Seale and Newton preferred nonviolent solutions. After the Panthers disbanded, Seale ran for mayor of Oakland in 1973, winning a third of the vote. He later became a public speaker and a community liaison on behalf of Temple University's African American studies program. Newton earned a doctor's degree from the University of California, Santa Cruz, but his legal problems continued. In March 1987, he was convicted for being a felon in possession of a firearm—despite the overturning of his original murder conviction—and sentenced to three years' imprisonment. In 1989, he was again in prison, serving time for a Parole violation for possessing cocaine. He died in August 1989, after being shot during a drug deal in the neighborhood where he began the Panthers.
Conversely, fellow Panther Kimbro was accepted into a graduate program at Harvard while still in prison, and was released after serving little more than four years of his sentence. He became an assistant dean at a local university and later served as director of Project More, a halfway house and prison-alternative program in New Haven. He was quoted in a 2000 issue of the Christian Science Monitor as wanting to be known as "a guy who made some mistakes, turned his life around, and learned to help other people."
The legacy of Newton and Seale's party is debatable. Its alliance with international revolutionary leaders—Mao Tse-tung, Fidel Castro, and Ho Chi Minh, to name a few—cost it credibility in the eyes of mainstream U.S. citizens. An organization devoted originally to the aim of self-defense for beleaguered urban African Americans, it nose-dived into violence and terror. For this reason, the BPP is customarily dismissed as an extremist, self-destructive exponent of the black power movement. But this transformation owed something to the harassment of the Panthers by law enforcement agencies. In turn, the calculated federal and local campaigns against the Panthers initiated the group's most tangible effect on U.S. law: highlighting FBI counterintelligence against U.S. citizens was a noteworthy gain. In the years following the death of FBI director Hoover, pressure for reforms dismantled the apparatus he single-handedly used against his political enemies.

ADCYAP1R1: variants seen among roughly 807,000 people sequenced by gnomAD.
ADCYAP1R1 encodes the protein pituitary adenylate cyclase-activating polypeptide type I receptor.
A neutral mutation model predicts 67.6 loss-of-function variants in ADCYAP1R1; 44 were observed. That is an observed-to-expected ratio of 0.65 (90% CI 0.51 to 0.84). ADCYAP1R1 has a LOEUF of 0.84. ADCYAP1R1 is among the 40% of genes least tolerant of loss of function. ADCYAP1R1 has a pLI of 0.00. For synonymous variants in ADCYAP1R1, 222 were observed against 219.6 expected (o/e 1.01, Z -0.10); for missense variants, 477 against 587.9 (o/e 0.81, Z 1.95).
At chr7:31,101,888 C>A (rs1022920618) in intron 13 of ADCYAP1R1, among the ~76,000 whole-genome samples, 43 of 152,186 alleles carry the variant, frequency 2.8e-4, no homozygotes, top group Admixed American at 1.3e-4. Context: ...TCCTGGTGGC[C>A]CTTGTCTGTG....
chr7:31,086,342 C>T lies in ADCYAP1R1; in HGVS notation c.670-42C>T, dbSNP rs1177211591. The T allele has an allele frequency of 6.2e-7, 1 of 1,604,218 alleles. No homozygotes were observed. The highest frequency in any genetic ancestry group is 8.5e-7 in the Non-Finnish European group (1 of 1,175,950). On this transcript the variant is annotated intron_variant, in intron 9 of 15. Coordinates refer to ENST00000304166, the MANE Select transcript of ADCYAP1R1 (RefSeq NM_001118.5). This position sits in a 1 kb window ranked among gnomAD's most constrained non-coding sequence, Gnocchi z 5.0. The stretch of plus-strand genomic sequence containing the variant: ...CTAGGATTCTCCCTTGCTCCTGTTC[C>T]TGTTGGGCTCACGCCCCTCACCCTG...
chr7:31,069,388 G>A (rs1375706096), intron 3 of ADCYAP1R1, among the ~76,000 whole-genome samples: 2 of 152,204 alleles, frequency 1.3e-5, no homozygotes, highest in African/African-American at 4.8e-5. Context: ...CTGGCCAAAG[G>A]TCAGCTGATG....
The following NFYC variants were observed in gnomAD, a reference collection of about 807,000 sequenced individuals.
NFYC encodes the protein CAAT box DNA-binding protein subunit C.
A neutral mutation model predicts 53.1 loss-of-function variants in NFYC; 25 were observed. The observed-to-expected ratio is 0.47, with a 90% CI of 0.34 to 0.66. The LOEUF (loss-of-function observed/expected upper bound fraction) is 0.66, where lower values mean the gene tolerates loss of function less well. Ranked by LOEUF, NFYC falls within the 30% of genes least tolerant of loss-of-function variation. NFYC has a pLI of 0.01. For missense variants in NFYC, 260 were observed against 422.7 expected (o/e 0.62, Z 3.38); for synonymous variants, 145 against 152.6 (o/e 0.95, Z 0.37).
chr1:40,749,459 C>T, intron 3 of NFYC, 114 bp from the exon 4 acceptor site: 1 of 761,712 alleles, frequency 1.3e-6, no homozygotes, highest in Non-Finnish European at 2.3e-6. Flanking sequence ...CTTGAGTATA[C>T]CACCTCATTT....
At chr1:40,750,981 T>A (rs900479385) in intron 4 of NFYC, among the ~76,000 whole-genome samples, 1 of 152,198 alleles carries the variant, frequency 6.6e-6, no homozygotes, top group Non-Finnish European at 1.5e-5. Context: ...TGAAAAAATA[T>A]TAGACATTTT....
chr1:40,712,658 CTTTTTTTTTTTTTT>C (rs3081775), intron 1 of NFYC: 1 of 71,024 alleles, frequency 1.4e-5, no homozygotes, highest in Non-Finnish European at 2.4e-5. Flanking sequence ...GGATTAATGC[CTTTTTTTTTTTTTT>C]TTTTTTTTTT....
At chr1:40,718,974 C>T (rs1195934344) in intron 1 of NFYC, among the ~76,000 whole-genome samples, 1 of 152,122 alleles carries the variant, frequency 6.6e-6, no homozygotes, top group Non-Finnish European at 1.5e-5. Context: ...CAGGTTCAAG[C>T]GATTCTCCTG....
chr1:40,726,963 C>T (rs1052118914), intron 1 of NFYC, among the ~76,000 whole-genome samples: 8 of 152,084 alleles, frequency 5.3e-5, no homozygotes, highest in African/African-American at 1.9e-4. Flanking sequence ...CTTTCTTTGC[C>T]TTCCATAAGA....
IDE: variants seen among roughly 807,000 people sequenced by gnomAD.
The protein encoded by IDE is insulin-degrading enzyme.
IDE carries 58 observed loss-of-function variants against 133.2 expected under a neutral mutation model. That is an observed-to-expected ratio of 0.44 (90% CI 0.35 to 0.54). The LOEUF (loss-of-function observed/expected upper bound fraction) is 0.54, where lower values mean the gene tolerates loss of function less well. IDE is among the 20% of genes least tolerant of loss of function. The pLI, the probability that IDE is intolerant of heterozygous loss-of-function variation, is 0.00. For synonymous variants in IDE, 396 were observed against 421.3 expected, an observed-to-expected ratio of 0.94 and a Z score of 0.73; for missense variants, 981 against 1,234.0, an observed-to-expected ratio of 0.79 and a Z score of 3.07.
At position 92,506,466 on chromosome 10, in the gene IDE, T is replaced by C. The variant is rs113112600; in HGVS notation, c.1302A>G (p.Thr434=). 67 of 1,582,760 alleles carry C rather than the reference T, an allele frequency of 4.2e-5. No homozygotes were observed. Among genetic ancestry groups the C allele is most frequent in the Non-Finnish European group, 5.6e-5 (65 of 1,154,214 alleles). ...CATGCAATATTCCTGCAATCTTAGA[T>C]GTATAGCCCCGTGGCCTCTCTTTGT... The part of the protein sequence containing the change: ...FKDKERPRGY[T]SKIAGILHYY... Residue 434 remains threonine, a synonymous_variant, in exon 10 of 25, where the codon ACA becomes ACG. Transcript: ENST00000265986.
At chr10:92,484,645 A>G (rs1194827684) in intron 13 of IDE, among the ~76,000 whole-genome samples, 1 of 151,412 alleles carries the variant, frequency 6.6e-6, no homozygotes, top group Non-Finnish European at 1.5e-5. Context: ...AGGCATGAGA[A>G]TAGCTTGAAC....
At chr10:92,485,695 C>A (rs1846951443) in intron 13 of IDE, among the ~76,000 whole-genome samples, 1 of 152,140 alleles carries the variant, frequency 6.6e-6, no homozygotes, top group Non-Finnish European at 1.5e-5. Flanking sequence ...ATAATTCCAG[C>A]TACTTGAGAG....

Drawing attention to the issue of urban police brutality was another major Panther contribution, one that grew as a concern in subsequent years. In addition, the group's focus on the questionable number of African American men fighting the U.S. war in Vietnam inspired black intellectuals to criticize the role of race in the U.S. military. Moreover, in the party's passionate ten-point program were the seeds of ideas that eventually took root in the U.S. legal system: by the 1990s, juries increasingly reflected the racial composition of the communities in which defendants lived. As the history of the Civil Rights Movement demonstrates, such change came slowly, begrudgingly, and often at great personal cost to the men and women who fought for it.
The original Black Panther Party for Self-Defense is not to be confused with an entity that emerged in the late 1990s, calling itself the New Black Panther Party for Self-Defense and adopting the original Stalking panther logo. The newer group allegedly violated a 1997 Texas state court order prohibiting them from "referring to themselves … by any name containing the words Panther, Black Panthers, or Black Panther Party." In 2003, lawyers representing some of the original Panthers, e.g., The Black Panther Party, Inc. (which brought the Texas action) and the Huey P. Newton Foundation, contemplated filing a federal trademark infringement suit after an August 2002 cease and desist letter apparently went unheeded.
Alexandri, Maya. 2003. "Stalking the New Panthers." IP Law & Business (January).
Baker, Naima. 2000. "May Day, May Day." 211 Park St. Newsletter. Afro-American Cultural Center at Yale University (October).
Colhoun, Alexander. 2000. "Ex-Black Panther Warren Kimbro." Christian Science Monitor (September 7).
"A Panther Generation Gap." 2002. Chicago Tribune (October 30).
Yale University Library Manuscripts and Archives, Record Unit 16, 1996. Guide to the Inventory of May Day Records, 1970–1972, 1976. New Haven: Yale Univ. Library.